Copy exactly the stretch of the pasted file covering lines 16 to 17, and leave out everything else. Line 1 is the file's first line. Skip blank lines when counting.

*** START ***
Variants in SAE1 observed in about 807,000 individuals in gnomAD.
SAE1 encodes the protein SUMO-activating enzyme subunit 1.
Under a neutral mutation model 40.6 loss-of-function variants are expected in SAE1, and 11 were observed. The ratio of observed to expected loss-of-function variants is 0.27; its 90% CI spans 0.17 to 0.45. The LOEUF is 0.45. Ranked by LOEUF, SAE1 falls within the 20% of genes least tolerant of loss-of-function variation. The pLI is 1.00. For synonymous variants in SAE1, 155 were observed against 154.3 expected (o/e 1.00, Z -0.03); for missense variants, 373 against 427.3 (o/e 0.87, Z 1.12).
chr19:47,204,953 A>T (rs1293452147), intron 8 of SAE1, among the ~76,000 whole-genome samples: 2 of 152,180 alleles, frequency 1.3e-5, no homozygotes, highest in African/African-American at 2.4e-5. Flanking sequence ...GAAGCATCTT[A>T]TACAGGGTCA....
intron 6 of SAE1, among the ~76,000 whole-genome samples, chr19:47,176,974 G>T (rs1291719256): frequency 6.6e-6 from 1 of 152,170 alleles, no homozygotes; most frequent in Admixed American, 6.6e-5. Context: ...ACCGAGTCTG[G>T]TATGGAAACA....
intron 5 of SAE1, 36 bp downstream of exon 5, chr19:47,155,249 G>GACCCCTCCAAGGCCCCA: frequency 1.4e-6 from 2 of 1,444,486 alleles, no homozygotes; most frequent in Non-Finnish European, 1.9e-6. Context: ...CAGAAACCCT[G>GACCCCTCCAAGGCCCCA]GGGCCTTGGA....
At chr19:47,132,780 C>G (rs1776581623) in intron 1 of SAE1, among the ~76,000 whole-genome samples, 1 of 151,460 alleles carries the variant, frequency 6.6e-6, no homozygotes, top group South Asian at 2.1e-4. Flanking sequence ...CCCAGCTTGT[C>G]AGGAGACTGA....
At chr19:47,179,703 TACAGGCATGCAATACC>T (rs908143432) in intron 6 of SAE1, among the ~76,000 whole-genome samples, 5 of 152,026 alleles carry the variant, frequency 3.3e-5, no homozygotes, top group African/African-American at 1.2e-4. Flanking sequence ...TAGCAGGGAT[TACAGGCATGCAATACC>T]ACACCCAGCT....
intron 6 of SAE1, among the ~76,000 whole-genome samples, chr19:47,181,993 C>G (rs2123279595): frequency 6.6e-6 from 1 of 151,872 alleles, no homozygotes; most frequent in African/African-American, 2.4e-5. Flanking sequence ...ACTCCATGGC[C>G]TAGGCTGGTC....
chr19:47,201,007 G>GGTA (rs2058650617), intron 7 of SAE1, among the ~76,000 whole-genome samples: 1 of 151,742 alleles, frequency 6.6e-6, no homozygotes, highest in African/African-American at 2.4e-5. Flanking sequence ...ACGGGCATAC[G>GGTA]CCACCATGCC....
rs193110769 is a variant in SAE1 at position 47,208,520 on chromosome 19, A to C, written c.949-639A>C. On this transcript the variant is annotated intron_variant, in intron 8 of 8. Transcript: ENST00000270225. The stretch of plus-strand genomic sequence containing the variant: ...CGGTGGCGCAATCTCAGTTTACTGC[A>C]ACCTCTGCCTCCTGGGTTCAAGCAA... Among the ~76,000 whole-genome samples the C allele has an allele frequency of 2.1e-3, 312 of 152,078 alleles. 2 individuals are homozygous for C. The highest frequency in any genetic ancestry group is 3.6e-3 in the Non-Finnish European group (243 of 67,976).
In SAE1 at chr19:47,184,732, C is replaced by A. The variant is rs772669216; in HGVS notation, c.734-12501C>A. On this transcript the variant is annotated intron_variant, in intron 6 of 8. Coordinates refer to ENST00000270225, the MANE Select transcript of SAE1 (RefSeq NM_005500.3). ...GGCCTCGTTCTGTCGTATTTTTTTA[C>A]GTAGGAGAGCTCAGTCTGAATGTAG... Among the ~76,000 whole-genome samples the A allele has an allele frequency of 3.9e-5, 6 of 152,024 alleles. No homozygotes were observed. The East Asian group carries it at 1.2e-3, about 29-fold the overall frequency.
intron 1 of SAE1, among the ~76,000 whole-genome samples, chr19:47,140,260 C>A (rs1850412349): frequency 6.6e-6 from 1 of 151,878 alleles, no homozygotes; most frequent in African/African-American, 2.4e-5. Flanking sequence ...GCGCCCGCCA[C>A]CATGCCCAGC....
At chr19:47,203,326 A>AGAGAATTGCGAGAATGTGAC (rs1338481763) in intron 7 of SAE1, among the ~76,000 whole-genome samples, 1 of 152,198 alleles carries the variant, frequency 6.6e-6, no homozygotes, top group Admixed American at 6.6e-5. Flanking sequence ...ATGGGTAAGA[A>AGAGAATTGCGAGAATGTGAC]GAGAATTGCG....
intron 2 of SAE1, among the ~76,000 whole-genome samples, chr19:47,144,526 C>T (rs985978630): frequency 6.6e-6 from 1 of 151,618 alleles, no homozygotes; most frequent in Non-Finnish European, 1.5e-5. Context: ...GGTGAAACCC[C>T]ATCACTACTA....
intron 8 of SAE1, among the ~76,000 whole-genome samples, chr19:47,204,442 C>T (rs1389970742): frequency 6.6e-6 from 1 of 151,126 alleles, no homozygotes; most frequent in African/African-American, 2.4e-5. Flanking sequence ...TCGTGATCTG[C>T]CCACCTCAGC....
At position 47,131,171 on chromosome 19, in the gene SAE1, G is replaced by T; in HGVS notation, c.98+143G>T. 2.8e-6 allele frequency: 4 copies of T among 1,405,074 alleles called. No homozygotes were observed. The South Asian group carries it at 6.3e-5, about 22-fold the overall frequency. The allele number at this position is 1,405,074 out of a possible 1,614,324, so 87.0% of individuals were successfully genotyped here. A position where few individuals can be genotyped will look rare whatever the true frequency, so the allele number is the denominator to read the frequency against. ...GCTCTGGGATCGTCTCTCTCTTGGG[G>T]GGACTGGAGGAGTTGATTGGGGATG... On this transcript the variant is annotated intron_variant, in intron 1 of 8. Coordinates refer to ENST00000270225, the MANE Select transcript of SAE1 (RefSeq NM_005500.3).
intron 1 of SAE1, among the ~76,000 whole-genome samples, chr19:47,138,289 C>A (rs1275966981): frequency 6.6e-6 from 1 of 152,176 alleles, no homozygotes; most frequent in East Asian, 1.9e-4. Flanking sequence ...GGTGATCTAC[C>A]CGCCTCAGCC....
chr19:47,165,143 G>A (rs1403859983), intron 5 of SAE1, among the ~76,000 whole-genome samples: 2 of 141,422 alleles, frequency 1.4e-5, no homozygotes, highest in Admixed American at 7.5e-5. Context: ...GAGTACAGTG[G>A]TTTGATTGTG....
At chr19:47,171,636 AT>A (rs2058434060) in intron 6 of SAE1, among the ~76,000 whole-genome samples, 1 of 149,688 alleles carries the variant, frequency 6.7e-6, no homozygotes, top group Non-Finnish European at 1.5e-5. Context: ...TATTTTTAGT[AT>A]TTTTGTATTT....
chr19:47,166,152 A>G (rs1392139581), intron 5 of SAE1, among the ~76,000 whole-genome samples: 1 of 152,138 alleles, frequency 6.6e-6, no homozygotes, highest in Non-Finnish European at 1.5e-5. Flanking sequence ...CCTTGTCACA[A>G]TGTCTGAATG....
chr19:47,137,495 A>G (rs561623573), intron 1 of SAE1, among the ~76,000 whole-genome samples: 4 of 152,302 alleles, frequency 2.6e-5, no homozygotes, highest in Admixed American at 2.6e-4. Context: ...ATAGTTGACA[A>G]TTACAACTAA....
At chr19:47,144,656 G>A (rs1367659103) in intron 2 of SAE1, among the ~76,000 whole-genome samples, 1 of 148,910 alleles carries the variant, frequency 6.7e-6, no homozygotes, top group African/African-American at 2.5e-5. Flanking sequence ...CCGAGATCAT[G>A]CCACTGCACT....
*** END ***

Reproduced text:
intron 8 of SAE1, among the ~76,000 whole-genome samples, chr19:47,204,442 C>T (rs1389970742): frequency 6.6e-6 from 1 of 151,126 alleles, no homozygotes; most frequent in African/African-American, 2.4e-5. Flanking sequence ...TCGTGATCTG[C>T]CCACCTCAGC....
At position 47,131,171 on chromosome 19, in the gene SAE1, G is replaced by T; in HGVS notation, c.98+143G>T. 2.8e-6 allele frequency: 4 copies of T among 1,405,074 alleles called. No homozygotes were observed. The South Asian group carries it at 6.3e-5, about 22-fold the overall frequency. The allele number at this position is 1,405,074 out of a possible 1,614,324, so 87.0% of individuals were successfully genotyped here. A position where few individuals can be genotyped will look rare whatever the true frequency, so the allele number is the denominator to read the frequency against. ...GCTCTGGGATCGTCTCTCTCTTGGG[G>T]GGACTGGAGGAGTTGATTGGGGATG... On this transcript the variant is annotated intron_variant, in intron 1 of 8. Coordinates refer to ENST00000270225, the MANE Select transcript of SAE1 (RefSeq NM_005500.3).